My diagnosis came on a Friday afternoon before the Monday our group projects were due. I e-mailed her, fresh from crying with my best friend on the phone. She told me just to do what I could. That Monday afternoon, when my week had filled up with medical appointments, she excused me from all remaining work. She told me that I had to take care of my health, and that she prayed for me daily and hourly.

Throughout this, she gave me support; she always let me know that she and the community were praying for me. When I saw her, she’d grab her calendar, wanting to know what to pray for and when. I would e-mail her, in fear about something. She’d tell me to stay aware of myself and of God, and to breathe.

She taught me what I needed to learn. The toughness she pushed me to adopt, a year ago (and with which I had still been negotiating), translated through this experience into a tenacity I would not have known that I had. That isn’t what kept me physically well—God only knows how the cancer didn’t spread—but it kept me mentally and emotionally open to growing through this. It kept me able to be strong, when I needed to be. The grace she gave me when I felt fragile, gave me permission to do that as well.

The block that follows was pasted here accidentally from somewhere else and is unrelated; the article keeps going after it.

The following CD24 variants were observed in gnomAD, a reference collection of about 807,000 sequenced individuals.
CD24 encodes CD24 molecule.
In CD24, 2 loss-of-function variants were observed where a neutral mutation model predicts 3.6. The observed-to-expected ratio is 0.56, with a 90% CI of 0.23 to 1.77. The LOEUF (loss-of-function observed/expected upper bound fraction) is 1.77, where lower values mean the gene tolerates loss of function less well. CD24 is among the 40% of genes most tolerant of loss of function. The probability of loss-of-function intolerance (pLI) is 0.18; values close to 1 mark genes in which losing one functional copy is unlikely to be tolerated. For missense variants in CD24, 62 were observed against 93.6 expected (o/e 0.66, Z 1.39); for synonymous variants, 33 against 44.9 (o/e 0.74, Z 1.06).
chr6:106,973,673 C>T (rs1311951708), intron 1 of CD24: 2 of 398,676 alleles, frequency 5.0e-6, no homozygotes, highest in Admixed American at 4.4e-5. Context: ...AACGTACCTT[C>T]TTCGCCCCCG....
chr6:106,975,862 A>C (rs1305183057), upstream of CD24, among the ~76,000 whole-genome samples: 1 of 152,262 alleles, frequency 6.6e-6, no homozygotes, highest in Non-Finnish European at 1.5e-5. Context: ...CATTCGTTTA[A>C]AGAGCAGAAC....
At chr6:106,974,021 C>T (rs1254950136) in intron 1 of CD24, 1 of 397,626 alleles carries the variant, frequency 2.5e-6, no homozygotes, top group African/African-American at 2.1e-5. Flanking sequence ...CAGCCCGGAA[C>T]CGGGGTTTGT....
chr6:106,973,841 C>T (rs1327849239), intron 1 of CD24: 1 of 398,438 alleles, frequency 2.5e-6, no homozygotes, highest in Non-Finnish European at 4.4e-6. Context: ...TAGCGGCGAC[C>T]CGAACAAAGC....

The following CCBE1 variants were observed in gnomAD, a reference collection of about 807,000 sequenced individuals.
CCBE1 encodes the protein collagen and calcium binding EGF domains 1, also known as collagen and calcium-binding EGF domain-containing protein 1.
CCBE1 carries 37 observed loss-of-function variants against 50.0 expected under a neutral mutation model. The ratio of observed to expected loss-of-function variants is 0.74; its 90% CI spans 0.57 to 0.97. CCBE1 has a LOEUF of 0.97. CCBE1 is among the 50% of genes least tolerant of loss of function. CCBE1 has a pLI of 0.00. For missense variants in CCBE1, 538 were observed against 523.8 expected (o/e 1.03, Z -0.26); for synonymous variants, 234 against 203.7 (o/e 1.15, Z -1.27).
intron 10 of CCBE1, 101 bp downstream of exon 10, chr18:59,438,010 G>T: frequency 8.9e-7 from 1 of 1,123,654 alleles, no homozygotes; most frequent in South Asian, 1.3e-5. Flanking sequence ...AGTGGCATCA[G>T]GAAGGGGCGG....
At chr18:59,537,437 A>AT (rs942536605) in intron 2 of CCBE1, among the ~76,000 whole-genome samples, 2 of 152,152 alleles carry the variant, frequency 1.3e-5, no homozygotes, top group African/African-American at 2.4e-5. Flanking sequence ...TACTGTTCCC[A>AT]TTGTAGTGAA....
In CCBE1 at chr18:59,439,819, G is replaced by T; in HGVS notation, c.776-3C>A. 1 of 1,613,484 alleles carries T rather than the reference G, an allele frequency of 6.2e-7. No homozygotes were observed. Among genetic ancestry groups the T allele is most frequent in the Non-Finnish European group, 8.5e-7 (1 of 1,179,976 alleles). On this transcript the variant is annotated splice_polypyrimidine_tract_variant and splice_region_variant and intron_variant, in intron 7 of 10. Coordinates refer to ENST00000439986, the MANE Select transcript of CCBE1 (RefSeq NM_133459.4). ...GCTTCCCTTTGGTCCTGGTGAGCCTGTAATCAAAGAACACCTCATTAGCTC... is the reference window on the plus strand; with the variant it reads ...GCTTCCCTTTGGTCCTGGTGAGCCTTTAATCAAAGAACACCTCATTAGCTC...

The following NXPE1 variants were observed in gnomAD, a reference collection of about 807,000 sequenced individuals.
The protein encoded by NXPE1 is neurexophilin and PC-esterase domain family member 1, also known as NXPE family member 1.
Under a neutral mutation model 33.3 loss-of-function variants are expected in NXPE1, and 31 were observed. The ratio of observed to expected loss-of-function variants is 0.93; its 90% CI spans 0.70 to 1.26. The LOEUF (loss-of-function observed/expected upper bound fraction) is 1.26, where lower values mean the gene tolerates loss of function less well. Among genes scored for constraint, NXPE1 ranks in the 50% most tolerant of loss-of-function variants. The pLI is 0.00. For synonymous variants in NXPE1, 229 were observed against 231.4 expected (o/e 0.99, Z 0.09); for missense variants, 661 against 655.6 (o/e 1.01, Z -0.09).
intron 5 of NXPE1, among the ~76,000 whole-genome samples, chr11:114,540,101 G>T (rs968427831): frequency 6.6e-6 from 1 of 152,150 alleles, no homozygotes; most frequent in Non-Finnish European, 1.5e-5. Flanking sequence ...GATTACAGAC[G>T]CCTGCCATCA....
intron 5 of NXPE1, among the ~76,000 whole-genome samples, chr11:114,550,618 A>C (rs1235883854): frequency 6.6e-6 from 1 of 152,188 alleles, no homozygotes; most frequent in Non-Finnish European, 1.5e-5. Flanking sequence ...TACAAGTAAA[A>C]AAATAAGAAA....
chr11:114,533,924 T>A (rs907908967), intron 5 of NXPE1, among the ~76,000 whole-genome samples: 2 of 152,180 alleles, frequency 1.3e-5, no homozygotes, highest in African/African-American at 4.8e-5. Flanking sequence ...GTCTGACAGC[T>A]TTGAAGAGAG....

I had that learning experience. And I had time to do the work, and to grow from it. She never brought it up, past that conversation a year ago. Doing the work was completely my choice. I did it, and I can be proud of it. When the cancer came, it tested and confirmed these skills, and pushed them deeper. I drew on that earlier work, all the time.